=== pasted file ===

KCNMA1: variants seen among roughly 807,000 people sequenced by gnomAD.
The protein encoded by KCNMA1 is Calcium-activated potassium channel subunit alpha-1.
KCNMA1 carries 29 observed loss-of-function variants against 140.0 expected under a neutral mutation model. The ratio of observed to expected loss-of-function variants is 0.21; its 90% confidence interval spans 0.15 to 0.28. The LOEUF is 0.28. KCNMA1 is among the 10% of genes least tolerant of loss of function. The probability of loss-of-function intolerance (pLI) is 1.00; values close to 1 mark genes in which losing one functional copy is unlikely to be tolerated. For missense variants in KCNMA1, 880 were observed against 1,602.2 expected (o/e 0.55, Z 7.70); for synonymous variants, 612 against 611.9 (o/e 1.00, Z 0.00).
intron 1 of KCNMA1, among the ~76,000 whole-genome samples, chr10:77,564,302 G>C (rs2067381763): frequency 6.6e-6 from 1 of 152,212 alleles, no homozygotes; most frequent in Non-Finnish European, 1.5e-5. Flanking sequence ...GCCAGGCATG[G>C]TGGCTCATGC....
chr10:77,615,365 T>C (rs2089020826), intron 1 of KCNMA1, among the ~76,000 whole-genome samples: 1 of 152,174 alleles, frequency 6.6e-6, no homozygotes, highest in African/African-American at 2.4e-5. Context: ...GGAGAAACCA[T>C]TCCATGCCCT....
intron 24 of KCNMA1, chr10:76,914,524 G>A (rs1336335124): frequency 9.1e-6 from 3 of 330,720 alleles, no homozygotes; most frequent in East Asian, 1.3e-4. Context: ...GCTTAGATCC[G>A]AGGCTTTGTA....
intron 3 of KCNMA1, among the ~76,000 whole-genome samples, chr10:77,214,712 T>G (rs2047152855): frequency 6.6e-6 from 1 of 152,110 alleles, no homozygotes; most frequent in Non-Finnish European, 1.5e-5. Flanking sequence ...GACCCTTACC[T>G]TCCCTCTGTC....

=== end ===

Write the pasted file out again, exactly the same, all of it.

KCNMA1: variants seen among roughly 807,000 people sequenced by gnomAD.
The protein encoded by KCNMA1 is Calcium-activated potassium channel subunit alpha-1.
KCNMA1 carries 29 observed loss-of-function variants against 140.0 expected under a neutral mutation model. The ratio of observed to expected loss-of-function variants is 0.21; its 90% confidence interval spans 0.15 to 0.28. The LOEUF is 0.28. KCNMA1 is among the 10% of genes least tolerant of loss of function. The probability of loss-of-function intolerance (pLI) is 1.00; values close to 1 mark genes in which losing one functional copy is unlikely to be tolerated. For missense variants in KCNMA1, 880 were observed against 1,602.2 expected (o/e 0.55, Z 7.70); for synonymous variants, 612 against 611.9 (o/e 1.00, Z 0.00).
intron 1 of KCNMA1, among the ~76,000 whole-genome samples, chr10:77,564,302 G>C (rs2067381763): frequency 6.6e-6 from 1 of 152,212 alleles, no homozygotes; most frequent in Non-Finnish European, 1.5e-5. Flanking sequence ...GCCAGGCATG[G>C]TGGCTCATGC....
chr10:77,615,365 T>C (rs2089020826), intron 1 of KCNMA1, among the ~76,000 whole-genome samples: 1 of 152,174 alleles, frequency 6.6e-6, no homozygotes, highest in African/African-American at 2.4e-5. Context: ...GGAGAAACCA[T>C]TCCATGCCCT....
intron 24 of KCNMA1, chr10:76,914,524 G>A (rs1336335124): frequency 9.1e-6 from 3 of 330,720 alleles, no homozygotes; most frequent in East Asian, 1.3e-4. Context: ...GCTTAGATCC[G>A]AGGCTTTGTA....
intron 3 of KCNMA1, among the ~76,000 whole-genome samples, chr10:77,214,712 T>G (rs2047152855): frequency 6.6e-6 from 1 of 152,110 alleles, no homozygotes; most frequent in Non-Finnish European, 1.5e-5. Flanking sequence ...GACCCTTACC[T>G]TCCCTCTGTC....